"The Square Eyed Boy"
The majority of parents are concerned about children’s screen time post-pandemic, yet acknowledge benefits in creativity and communication, according to a new BBC Children’s and Education survey of parents across the UK on their attitudes towards screens.
The survey revealed that 79% of parents feel that children have used screens more since the pandemic. Whilst 67% parents feel concerned about what their child is watching, they do see real value in screens, with 65% agreeing that they have the ability to foster creativity and communication.
At the same time, 93% of parents are interested in educational programming for their children. Furthermore, 51% parents say that education is the most important thing when it comes to what children are watching on screens, followed by 30% saying entertainment; and 70% say that it is important that the content their child accesses comes from a trusted source.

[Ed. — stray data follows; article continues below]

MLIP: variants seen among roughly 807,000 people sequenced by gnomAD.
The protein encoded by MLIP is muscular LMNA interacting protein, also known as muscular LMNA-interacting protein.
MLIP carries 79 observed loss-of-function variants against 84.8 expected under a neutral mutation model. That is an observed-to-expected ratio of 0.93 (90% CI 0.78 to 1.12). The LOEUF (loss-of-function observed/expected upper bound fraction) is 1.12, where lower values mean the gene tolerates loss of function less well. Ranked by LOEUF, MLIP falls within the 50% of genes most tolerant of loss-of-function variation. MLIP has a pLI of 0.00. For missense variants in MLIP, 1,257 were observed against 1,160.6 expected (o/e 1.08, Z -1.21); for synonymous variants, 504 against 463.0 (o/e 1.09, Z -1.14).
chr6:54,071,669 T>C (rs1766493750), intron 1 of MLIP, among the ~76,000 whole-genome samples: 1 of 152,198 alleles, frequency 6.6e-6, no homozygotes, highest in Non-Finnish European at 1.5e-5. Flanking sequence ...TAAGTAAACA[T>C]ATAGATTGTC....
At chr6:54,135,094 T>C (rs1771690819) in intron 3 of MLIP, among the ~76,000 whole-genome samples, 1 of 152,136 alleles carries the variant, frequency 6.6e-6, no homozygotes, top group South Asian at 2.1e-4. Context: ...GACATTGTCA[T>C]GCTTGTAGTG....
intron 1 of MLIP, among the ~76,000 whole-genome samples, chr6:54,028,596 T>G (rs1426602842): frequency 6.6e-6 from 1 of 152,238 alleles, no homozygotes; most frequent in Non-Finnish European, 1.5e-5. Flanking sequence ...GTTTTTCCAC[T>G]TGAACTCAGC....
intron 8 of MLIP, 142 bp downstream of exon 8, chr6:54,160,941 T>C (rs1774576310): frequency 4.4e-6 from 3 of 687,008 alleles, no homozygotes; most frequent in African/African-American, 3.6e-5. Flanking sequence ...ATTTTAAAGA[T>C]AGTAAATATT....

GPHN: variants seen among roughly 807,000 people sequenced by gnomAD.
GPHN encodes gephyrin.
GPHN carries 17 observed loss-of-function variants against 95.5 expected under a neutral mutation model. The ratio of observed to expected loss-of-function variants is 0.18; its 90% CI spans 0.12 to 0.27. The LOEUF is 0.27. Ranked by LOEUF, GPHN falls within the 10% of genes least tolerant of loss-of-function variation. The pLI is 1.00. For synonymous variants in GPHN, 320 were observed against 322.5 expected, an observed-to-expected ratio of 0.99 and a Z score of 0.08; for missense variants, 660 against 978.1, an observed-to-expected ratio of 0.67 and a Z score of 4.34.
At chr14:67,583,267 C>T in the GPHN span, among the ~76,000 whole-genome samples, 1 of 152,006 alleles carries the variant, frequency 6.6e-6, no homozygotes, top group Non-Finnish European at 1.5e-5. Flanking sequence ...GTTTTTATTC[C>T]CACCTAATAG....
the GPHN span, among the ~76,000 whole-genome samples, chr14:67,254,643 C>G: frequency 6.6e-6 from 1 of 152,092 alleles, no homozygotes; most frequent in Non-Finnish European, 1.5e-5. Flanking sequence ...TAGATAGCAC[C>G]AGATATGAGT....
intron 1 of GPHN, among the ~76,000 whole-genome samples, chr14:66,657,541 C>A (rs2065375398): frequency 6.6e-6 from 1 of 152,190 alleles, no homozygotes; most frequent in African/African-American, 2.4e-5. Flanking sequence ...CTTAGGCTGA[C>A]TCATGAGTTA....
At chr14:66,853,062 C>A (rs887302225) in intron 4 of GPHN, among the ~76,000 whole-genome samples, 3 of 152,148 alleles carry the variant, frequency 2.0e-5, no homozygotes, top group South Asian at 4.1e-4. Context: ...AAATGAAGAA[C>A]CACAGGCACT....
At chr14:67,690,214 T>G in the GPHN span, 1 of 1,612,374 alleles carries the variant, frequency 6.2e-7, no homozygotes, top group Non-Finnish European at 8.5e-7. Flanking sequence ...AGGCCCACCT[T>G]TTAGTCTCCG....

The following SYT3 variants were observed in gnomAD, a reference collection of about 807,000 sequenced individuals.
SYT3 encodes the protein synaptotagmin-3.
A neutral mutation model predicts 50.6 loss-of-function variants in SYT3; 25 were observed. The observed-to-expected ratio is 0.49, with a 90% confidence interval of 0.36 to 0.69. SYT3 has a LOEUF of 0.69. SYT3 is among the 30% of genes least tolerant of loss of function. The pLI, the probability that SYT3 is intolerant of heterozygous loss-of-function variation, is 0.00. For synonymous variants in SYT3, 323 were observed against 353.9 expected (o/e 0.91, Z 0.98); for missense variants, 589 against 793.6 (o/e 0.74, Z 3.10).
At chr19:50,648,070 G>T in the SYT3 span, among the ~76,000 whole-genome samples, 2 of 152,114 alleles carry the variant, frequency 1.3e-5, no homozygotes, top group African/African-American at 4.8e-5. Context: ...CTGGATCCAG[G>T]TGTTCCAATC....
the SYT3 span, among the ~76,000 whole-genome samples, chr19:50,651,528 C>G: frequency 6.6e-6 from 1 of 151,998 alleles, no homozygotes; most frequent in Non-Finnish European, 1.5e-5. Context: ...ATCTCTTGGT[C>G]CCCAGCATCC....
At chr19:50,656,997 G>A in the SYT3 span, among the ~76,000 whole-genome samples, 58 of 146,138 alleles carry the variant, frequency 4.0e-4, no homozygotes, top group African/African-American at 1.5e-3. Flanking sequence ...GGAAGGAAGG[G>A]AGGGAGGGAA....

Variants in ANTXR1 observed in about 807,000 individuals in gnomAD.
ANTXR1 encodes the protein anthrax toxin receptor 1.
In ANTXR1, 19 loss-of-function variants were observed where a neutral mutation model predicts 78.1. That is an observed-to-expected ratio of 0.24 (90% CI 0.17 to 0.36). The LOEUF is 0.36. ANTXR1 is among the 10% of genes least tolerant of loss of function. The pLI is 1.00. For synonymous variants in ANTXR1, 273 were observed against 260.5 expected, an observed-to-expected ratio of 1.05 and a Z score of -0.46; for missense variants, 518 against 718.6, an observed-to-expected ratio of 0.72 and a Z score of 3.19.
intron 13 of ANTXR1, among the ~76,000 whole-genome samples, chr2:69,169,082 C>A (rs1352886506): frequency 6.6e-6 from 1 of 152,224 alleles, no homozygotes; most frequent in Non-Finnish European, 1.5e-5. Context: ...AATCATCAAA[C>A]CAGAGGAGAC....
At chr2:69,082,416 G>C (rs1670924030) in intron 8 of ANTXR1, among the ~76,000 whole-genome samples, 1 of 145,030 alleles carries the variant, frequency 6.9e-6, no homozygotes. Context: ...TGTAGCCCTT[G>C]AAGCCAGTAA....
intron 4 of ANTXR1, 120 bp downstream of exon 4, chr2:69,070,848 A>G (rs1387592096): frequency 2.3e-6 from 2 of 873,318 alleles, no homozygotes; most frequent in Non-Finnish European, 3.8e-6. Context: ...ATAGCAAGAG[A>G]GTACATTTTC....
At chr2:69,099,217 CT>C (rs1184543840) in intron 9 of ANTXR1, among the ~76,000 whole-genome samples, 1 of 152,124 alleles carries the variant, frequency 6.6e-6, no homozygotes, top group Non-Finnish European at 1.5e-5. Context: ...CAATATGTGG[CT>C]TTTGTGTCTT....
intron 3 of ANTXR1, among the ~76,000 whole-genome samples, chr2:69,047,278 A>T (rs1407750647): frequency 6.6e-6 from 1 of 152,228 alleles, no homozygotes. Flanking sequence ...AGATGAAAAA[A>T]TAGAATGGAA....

Against the feeling that children are using screens more, the survey dispels the notion that parents universally feel guilty about giving their children access to screens: 55% of parents admitted they do not experience guilt when providing their child with a phone, though 83% say it is important to limit children’s screen time, which suggests that quality over quantity is an important factor to parents.
“The debate around children and screens is often a difficult one for parents to navigate. As a public service offering that has earned the unswerving trust of British families, the BBC is in a unique position to address this. When it comes to screens, it is what is on them that counts, and we are proud to highlight, through this campaign, our support to all families across the UK by delivering bold, multi-genre and age appropriate content that enriches children’s abilities to connect with others, express their ideas and develop essential communication skills – whilst keeping them entertained,” said Patricia Hidalgo, Director of BBC Children’s and Education.